The reader casts his shadow over the poem. What did you actually say: The vase is here or The sky is blue? All possibilities bloom in language, the mind hears but what it wants to or what it fears. The deaf man laments. The vase is here and The sky is blue in some ways are one and the same. In some ways and in some people a riddle is fathomable, the answer a sparkle. The sparkle solves it. Nearness defines it. Translation of "Luuletusele langeb lugeja...

Galaktioni and I

Yesterday, I was sick, I was dying, Now Zozia must have me on her mind. There's a demon in Galaktioni But there's an angel in me. Every day I receive precious letters. I must go to the garden, today's cold is bitter. The earth gleams in Galaktioni But there's a heavenly spark in me. Far away, the wind shrieks; nearby, a nemesis. Night's falling; it's seven sharp. There's blue in Galaktioni But in my verse, the abyss. Yesterday, I was...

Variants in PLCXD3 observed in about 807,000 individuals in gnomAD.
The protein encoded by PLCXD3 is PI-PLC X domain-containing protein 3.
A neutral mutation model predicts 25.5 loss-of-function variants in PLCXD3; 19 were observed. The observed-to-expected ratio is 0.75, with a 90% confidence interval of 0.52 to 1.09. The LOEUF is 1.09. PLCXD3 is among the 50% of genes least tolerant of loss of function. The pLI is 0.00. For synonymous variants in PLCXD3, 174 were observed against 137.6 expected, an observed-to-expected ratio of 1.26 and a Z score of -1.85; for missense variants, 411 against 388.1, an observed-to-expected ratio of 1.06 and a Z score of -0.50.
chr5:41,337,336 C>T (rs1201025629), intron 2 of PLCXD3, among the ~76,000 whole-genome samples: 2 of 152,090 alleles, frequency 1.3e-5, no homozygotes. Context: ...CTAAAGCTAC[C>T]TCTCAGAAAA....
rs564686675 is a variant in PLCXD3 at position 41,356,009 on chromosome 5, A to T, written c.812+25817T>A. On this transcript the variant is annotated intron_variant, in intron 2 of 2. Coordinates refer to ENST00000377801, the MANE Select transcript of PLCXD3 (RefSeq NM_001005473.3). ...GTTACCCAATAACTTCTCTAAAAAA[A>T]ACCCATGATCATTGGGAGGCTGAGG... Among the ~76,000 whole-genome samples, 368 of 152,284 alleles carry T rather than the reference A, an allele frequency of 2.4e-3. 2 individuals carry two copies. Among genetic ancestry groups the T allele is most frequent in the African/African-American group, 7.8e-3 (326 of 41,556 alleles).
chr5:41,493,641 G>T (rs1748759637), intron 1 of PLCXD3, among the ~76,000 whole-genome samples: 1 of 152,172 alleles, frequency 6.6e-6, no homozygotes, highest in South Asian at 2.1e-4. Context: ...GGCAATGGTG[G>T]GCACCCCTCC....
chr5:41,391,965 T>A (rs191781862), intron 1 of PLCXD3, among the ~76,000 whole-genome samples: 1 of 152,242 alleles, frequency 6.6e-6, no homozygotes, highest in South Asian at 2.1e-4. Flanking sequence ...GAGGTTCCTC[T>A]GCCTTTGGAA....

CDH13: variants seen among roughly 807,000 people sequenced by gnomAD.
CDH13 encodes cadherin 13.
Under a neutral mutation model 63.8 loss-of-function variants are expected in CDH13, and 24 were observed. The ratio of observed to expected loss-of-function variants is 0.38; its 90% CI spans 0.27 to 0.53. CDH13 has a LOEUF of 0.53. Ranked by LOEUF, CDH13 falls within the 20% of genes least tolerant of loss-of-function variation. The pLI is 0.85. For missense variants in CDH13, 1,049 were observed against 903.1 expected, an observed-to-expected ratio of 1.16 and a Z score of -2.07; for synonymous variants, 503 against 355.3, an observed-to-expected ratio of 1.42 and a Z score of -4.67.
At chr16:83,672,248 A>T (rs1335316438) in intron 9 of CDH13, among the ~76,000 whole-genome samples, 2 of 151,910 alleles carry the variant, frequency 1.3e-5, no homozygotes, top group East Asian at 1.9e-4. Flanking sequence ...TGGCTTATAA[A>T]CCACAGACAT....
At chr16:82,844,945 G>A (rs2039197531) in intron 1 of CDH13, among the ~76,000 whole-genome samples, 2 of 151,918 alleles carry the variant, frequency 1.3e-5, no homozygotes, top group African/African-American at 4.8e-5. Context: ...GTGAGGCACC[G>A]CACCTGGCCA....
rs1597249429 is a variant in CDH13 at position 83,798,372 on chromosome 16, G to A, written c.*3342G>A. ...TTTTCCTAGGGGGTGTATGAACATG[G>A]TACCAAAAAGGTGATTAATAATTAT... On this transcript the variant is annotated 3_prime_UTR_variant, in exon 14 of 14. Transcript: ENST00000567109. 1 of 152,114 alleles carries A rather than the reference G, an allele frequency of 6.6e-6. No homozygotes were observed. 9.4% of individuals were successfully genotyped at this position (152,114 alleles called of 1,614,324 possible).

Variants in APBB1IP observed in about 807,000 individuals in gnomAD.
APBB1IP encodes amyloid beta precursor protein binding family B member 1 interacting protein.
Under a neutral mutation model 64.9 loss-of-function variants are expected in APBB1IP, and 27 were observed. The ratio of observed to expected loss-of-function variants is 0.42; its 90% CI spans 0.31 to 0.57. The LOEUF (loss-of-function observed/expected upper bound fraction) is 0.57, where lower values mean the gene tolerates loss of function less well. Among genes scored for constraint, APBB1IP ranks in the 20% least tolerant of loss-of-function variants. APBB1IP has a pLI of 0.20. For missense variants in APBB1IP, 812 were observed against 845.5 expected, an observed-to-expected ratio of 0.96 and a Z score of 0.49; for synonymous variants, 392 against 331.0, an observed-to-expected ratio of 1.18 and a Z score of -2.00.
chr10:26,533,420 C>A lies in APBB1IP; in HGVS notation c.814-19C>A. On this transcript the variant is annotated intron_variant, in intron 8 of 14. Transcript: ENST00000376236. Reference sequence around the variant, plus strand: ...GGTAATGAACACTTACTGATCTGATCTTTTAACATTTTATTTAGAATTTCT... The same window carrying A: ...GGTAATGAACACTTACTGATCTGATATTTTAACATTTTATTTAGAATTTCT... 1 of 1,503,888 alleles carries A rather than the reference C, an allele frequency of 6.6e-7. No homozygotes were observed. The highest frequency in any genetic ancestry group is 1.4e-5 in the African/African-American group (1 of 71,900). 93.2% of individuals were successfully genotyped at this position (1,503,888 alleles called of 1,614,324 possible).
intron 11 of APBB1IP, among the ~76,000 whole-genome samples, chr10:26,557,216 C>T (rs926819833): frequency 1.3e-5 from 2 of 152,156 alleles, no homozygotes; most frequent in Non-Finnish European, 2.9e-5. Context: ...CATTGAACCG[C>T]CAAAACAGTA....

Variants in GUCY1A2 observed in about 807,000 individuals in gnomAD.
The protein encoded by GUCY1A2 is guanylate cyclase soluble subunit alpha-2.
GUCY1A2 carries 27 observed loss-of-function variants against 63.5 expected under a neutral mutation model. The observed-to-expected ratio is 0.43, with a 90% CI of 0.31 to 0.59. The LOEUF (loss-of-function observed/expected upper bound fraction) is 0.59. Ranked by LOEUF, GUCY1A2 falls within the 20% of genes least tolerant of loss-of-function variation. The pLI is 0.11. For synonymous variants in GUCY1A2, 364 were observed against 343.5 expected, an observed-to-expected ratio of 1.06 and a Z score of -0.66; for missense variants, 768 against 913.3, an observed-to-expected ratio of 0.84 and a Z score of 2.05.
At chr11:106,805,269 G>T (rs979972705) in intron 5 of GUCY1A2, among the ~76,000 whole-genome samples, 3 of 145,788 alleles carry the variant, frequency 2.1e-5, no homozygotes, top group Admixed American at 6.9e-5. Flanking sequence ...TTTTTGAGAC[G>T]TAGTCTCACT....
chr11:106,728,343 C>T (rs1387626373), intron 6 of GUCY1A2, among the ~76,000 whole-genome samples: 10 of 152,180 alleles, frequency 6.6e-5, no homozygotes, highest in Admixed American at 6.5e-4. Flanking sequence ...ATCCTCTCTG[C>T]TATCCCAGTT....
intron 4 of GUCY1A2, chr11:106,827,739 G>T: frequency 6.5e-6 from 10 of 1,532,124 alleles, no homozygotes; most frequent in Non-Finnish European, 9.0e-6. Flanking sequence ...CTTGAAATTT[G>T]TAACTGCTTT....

A Splinter

I like you a twenty-year old poet writes to me. A beginning carpenter of words. His letter smells of lumber. His muse still naps in rose wood. Ambitious noise in a literary sawmill. Apprentices veneer a gullible tongue. They cut to size the shy plywood of sentences. A haiku whittled with a plane. Problems begin with a splinter lodged in memory. It is hard to remove it much harder to describe. Wood shavings fly. Laminate angels. Dust up to the heavens....

The Best Seller